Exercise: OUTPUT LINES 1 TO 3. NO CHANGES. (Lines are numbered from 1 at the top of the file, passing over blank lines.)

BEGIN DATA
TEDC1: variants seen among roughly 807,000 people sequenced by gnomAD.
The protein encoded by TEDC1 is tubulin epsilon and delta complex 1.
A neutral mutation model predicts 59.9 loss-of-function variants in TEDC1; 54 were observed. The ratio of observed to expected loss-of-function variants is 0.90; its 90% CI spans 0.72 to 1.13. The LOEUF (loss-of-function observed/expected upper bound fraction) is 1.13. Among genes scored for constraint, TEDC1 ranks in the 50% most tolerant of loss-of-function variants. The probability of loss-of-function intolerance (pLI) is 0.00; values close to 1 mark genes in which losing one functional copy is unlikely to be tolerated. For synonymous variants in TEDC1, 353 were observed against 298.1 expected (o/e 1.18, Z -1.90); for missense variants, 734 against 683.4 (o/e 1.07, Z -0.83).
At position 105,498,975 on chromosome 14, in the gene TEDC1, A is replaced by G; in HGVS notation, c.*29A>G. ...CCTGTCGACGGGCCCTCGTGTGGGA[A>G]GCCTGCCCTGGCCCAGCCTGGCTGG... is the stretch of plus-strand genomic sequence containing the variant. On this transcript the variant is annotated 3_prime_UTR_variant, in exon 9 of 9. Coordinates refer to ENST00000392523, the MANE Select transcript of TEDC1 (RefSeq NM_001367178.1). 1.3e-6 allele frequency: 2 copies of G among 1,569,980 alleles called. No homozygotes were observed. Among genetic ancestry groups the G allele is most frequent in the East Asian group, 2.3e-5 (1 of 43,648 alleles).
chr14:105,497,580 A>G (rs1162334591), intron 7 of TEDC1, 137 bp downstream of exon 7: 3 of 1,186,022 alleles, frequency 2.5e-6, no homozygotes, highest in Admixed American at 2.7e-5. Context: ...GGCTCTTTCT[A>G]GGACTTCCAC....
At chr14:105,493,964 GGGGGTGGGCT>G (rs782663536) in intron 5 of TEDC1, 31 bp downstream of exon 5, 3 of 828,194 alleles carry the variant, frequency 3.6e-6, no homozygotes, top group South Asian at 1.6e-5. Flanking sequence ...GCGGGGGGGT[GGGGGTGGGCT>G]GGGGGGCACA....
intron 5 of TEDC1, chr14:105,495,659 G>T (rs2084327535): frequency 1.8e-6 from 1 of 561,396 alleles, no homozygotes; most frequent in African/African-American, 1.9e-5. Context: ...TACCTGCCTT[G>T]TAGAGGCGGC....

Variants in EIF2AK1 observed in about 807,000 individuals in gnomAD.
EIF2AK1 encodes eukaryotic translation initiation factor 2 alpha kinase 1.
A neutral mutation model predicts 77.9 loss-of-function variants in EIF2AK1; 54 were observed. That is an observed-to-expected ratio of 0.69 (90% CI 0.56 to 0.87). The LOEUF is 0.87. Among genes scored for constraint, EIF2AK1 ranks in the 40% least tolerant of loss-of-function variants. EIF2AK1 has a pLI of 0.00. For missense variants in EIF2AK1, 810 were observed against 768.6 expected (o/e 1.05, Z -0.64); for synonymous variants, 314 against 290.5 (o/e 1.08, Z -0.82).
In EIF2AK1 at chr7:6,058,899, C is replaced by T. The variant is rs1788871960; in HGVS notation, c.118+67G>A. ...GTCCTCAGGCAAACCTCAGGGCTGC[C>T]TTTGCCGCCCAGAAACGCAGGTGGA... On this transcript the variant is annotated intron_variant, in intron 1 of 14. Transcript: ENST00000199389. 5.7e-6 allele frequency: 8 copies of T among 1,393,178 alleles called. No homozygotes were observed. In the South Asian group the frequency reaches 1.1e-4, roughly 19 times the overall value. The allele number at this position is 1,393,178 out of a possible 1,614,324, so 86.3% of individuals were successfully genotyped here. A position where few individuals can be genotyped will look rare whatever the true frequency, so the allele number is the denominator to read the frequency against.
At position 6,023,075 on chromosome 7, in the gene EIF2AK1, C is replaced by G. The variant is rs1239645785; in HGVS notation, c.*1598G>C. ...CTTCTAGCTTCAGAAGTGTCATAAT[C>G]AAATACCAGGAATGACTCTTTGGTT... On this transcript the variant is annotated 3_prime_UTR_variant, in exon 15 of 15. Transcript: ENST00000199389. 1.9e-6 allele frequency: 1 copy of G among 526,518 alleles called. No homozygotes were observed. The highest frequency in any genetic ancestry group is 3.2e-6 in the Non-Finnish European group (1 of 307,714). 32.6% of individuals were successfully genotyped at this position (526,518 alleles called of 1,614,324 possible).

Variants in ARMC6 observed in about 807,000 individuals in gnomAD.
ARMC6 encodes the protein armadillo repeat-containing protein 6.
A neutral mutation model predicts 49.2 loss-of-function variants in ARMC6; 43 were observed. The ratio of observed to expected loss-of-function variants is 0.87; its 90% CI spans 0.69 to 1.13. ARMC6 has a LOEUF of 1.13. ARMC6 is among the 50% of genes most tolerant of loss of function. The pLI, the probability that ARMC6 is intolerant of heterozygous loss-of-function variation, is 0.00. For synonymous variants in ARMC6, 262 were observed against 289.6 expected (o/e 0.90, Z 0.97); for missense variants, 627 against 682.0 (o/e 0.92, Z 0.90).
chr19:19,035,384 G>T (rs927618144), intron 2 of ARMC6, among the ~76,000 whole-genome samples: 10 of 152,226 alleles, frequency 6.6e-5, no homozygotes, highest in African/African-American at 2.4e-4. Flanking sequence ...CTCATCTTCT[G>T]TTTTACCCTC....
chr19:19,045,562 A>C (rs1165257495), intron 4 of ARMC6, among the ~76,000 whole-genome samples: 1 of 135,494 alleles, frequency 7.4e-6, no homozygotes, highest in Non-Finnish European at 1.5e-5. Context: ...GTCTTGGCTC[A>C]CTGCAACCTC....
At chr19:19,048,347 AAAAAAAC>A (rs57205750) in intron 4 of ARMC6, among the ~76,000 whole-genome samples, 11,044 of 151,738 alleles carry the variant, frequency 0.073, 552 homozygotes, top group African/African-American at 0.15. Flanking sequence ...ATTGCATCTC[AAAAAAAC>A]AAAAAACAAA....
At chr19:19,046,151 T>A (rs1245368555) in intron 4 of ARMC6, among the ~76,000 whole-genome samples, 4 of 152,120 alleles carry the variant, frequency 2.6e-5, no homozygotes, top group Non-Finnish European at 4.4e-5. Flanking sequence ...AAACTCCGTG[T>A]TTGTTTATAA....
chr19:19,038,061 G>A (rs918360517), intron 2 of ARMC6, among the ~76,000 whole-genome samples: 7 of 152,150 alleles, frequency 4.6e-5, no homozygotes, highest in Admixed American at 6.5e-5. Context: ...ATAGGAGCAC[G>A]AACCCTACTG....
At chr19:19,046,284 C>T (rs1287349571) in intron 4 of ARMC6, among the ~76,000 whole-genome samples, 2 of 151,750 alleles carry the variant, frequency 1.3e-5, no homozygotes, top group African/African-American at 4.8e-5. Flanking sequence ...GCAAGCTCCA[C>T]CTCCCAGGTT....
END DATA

TEDC1: variants seen among roughly 807,000 people sequenced by gnomAD.
The protein encoded by TEDC1 is tubulin epsilon and delta complex 1.
A neutral mutation model predicts 59.9 loss-of-function variants in TEDC1; 54 were observed. The ratio of observed to expected loss-of-function variants is 0.90; its 90% CI spans 0.72 to 1.13. The LOEUF (loss-of-function observed/expected upper bound fraction) is 1.13. Among genes scored for constraint, TEDC1 ranks in the 50% most tolerant of loss-of-function variants. The probability of loss-of-function intolerance (pLI) is 0.00; values close to 1 mark genes in which losing one functional copy is unlikely to be tolerated. For synonymous variants in TEDC1, 353 were observed against 298.1 expected (o/e 1.18, Z -1.90); for missense variants, 734 against 683.4 (o/e 1.07, Z -0.83).